Twilight tourism visits fall off in Forks, but town keeping its book-movie series hopes alive [ *** GALLERY *** ]
Lonnie Archibald/for Peninsula Daily News
Luke takes photos of his sister, Simone — both of whom were visiting Forks last week — beside pickup trucks that could have been driven by fictional Twilight character Bella Swan, in front of the Forks Visitor Information Center. The 1963 Chevy, right, is the same model pictured in the “Twilight” movie, while the 1953 model is from the book.
A sign at Olympic Suites Inn as travelers enter Forks from the north refers to the vampire love interest in Twilight. Photo by Lonnie Archibald/for Peninsula Daily News.
This sign can be found at various businesses around Forks. Photo by Lonnie Archibald/for Peninsula Daily News.
Merry Parker, office assistant at the Forks Visitor Information Center, points out the world map that has been marked with pins representing Twilight visitors from all over the world. To the left is a map of the United States, also covered with pins. Photo by Lonnie Archibald/for Peninsula Daily News.
A sandwich board outside Chinook Pharmacy at 11 S. Forks Ave. advertises Twilight souvenirs, across the street from Native to Twilight. Photo by Lonnie Archibald/for Peninsula Daily News.
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Driving into town on U.S. Highway 101, it's clear the vampire and werewolf teen romance series has had a major effect.
If entering from the north, the electronic billboard at Olympic Suites Inn, 800 Olympic Drive, has a snarky “Edward Cullen never slept here,” a reference to the vampire love interest in the story author Stephenie Meyer set in Forks.
A billboard on the right welcomes visitors to Twilight Country.
If approaching from the south, the first thing visitors see is not one but two red Chevrolet pickup trucks that could have belonged to Bella Swan — Cullen's mortal girlfriend — parked in front of the Forks Visitor Information Center.
The trucks represent two visions of the pickup, said Marcia Bingham, Forks Chamber of Commerce director.
The 1963 pickup is from the Twilight book, while the 1953 version is the same model pictured in the movie.
The trucks draw fans such as Simone, who was posing with them last Wednesday.
She and her family were visiting for the day so she could see the setting of her favorite book series.
They were among the thousands of fans who visit Forks each month.
The numbers have slipped since Twilight's heyday in Forks two years ago, and one Twilight-themed business, Dazzled by Twilight, closed in January after shuttering its Port Angeles branch last fall.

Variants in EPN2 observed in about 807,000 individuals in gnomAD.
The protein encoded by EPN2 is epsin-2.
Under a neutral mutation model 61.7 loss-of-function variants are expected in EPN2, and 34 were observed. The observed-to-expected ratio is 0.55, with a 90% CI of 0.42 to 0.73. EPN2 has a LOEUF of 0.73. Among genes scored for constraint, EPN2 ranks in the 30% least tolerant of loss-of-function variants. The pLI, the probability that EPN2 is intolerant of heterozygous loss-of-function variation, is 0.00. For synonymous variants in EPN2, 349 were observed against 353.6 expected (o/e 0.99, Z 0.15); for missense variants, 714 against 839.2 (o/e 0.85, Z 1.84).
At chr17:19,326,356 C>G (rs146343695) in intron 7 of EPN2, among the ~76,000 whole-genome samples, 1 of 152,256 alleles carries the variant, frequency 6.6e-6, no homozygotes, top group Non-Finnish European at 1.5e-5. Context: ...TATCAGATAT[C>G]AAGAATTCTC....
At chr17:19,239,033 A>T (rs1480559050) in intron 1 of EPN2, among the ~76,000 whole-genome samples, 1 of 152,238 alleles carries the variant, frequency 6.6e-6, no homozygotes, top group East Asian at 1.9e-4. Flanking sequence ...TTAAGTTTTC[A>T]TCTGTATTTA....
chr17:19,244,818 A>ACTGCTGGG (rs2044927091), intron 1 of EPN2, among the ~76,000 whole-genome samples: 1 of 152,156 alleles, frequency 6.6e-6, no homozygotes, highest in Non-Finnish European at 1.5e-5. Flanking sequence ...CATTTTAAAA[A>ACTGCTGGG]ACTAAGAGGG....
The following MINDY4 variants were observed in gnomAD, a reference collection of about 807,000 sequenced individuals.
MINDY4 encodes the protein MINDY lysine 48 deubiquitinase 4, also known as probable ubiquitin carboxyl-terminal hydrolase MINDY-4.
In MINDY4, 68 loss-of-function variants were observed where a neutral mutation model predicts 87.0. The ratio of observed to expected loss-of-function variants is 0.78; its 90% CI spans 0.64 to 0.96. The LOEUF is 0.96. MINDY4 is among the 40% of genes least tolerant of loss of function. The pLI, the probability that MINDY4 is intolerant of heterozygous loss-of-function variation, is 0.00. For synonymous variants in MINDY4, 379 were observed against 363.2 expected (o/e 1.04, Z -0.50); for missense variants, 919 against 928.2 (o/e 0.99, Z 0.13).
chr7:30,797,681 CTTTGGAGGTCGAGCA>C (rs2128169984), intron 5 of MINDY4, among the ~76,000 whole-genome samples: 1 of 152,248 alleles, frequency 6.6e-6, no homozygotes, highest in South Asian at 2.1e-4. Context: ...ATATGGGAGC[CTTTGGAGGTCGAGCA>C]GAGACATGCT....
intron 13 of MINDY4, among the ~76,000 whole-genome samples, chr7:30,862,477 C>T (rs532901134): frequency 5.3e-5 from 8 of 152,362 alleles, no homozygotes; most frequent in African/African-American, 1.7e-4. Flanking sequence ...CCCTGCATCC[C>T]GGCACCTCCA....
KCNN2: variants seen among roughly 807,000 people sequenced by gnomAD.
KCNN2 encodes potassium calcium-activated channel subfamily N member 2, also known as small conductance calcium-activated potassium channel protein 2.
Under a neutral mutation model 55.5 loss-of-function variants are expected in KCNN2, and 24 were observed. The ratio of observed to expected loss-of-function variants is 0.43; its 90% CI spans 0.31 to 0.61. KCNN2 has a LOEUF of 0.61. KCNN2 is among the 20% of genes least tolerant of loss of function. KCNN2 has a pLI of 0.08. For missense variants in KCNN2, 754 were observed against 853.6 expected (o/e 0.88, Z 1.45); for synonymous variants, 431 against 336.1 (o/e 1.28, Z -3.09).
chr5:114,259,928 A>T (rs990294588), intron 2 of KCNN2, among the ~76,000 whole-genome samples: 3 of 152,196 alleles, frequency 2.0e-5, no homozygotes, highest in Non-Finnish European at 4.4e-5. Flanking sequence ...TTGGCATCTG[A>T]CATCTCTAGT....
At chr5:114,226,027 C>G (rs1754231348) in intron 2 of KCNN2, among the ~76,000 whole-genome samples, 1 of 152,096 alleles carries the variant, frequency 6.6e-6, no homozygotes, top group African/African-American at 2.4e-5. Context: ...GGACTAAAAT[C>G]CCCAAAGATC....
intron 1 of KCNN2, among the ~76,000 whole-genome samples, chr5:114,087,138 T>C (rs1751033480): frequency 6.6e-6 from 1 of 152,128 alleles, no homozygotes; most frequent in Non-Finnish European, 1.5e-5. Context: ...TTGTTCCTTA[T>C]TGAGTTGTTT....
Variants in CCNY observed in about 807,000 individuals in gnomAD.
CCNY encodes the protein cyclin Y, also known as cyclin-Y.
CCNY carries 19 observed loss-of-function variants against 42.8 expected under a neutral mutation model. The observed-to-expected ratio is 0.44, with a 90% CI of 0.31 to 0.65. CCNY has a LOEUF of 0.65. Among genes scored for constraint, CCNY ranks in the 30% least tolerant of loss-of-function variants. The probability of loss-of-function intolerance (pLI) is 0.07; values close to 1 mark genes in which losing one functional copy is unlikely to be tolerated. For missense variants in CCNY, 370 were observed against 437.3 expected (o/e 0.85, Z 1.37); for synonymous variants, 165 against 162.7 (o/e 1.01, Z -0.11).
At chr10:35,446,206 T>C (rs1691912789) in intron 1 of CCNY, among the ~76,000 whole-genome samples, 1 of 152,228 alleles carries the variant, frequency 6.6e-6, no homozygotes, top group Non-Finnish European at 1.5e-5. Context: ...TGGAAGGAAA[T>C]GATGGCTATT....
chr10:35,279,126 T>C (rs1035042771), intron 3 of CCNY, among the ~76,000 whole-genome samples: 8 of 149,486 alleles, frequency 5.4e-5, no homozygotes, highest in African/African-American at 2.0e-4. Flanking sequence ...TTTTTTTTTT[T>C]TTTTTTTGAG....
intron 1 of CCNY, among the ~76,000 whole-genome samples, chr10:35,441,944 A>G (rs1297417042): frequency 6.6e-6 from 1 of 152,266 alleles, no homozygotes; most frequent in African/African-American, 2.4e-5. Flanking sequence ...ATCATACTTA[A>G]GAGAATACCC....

But other businesses promote the tale.
Many storefronts have some kind of Twilight draw, promising merchandise related to the books or movies.
Several places are dedicated to Twilight, such as Twilight Central at Leppell's Flowers & Gifts at 130 S. Spartan Ave. and day spa and clothing boutique Alice's Closet at 130 Forks Ave., which was named for clothes-obsessed vampire Alice Cullen.
The store Native to Twilight at 10 Forks Ave. is described by the chamber as bringing Twilight's Quileute character Jacob Black's world to life.
The online version of the store — which offers Native crafts from the Quileute, Hoh, Makah and Tulalip tribes — at http://tinyurl.com/7lrv5o9 says it was “deeply inspired” by Meyer's book series.
“If you loved the romance, mystery, and Native American culture of Forks and LaPush as described in Twilight, New Moon, Eclipse, and Breaking Dawn, you cannot miss a visit to our shop (either virtual or in Forks),” the website says.
Even the Quillayute Valley School District had to consider the Twilight impact when it made plans to remove the old Forks High School facade and wooden sign, which were popular Twilight landmarks.
The sign was preserved, but only portions of the facade could be saved and are located inside the new school.
The craze started after the first book, Twilight, was published in October 2005, with the unsuspecting town featured only because it was remote and had the most rain in the continental U.S., Meyer wrote on her blog.
It was slow at first, Bingham said.
“The first people came in 2006 and walked in the door kind of sheepishly,” Bingham said.
“They said, ‘We're here because of a book,'” she said.
Now, Bingham said, though Twilight may be the reason for visitors' first visit, it isn't necessarily the draw for their second.
Many return to Forks after a Twilight trip to spend more time at Olympic National Park's Hoh Rain Forest or a Pacific beach, or to fish in the pristine rivers, she said.
“They come for Twilight, but they stay for Forks,” Bingham said.
Last modified: March 11. 2012 6:23PM